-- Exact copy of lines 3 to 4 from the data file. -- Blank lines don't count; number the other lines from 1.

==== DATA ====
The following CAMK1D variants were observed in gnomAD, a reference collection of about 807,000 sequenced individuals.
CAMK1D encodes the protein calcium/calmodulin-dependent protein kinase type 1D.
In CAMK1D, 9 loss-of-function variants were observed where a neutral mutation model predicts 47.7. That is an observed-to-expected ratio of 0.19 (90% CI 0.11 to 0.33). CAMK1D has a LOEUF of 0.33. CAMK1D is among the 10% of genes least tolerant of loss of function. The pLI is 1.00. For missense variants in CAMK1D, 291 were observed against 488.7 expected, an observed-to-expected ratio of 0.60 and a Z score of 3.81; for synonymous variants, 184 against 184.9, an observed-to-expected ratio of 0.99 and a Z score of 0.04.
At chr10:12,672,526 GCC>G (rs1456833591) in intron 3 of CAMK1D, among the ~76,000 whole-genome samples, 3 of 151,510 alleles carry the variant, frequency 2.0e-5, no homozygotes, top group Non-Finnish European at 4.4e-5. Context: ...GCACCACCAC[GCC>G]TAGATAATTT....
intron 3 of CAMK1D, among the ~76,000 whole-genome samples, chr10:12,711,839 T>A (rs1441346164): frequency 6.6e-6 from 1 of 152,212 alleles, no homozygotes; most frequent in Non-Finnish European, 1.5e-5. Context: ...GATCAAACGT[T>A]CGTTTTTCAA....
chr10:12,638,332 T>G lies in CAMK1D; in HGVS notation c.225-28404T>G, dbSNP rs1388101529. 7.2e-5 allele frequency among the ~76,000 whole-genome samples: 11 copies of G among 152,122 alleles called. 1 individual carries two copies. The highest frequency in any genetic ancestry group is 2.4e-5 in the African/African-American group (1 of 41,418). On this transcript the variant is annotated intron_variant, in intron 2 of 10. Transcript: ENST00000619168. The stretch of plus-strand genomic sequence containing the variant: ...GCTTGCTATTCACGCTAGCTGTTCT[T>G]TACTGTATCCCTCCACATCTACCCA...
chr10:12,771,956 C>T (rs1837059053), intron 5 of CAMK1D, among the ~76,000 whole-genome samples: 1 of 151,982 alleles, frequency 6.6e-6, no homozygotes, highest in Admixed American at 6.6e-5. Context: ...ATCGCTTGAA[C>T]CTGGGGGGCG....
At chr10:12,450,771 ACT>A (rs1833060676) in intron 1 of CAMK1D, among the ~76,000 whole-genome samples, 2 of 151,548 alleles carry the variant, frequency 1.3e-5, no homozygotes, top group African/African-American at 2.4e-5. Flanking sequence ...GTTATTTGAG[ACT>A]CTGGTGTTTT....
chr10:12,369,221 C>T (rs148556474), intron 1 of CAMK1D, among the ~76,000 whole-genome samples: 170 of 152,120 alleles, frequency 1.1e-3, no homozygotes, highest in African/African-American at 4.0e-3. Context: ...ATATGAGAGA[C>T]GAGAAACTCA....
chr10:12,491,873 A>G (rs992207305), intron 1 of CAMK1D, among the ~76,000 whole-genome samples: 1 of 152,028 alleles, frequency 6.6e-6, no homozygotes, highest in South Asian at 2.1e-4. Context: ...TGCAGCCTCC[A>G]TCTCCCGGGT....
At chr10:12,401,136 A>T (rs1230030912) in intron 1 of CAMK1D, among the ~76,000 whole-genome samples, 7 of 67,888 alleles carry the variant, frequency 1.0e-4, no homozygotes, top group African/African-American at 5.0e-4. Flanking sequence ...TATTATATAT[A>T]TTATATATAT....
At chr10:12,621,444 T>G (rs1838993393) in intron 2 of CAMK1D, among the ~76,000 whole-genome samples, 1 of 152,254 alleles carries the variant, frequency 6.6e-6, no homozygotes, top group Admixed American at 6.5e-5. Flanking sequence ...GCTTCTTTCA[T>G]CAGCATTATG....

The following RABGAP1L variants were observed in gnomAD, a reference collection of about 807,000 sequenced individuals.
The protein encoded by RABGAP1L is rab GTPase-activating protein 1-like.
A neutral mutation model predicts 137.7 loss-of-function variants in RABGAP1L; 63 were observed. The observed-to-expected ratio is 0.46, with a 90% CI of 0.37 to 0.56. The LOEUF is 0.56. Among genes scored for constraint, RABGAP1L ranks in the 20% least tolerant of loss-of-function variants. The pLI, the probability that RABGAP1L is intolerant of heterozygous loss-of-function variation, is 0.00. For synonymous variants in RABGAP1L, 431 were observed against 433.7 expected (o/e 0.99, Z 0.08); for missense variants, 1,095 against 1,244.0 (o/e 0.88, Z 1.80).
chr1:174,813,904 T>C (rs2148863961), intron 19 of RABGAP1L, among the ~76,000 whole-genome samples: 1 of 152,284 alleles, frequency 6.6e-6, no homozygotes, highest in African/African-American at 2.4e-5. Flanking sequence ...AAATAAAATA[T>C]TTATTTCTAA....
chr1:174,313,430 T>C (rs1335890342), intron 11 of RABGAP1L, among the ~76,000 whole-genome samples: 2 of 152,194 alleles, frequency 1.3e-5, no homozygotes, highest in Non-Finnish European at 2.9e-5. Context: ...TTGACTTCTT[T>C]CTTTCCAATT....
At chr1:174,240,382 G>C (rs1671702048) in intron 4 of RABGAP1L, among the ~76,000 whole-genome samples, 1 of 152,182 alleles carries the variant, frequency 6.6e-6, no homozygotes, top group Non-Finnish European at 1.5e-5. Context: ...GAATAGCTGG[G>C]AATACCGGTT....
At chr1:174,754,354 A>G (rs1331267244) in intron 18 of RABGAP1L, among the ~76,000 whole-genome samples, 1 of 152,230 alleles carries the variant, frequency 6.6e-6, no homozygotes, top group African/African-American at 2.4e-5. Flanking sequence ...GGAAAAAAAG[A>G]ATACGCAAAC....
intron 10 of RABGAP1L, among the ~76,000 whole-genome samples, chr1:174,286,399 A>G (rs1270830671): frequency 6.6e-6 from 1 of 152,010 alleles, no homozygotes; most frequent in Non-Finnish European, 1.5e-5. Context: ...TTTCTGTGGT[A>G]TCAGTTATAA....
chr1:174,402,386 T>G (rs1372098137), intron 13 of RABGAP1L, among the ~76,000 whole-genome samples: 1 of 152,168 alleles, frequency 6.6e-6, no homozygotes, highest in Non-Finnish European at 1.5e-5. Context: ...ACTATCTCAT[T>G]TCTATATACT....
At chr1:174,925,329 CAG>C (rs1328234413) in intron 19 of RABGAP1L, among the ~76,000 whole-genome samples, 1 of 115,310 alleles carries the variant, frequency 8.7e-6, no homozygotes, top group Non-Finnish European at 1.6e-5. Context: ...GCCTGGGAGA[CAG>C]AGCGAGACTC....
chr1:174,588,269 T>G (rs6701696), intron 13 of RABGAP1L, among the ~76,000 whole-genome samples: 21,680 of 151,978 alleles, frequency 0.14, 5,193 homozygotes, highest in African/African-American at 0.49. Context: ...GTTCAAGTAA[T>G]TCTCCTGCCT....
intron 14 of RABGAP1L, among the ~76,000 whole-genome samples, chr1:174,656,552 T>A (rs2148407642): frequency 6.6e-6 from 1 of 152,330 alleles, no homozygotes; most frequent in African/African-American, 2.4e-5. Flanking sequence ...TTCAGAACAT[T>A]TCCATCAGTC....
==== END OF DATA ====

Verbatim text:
In CAMK1D, 9 loss-of-function variants were observed where a neutral mutation model predicts 47.7. That is an observed-to-expected ratio of 0.19 (90% CI 0.11 to 0.33). CAMK1D has a LOEUF of 0.33. CAMK1D is among the 10% of genes least tolerant of loss of function. The pLI is 1.00. For missense variants in CAMK1D, 291 were observed against 488.7 expected, an observed-to-expected ratio of 0.60 and a Z score of 3.81; for synonymous variants, 184 against 184.9, an observed-to-expected ratio of 0.99 and a Z score of 0.04.
At chr10:12,672,526 GCC>G (rs1456833591) in intron 3 of CAMK1D, among the ~76,000 whole-genome samples, 3 of 151,510 alleles carry the variant, frequency 2.0e-5, no homozygotes, top group Non-Finnish European at 4.4e-5. Context: ...GCACCACCAC[GCC>G]TAGATAATTT....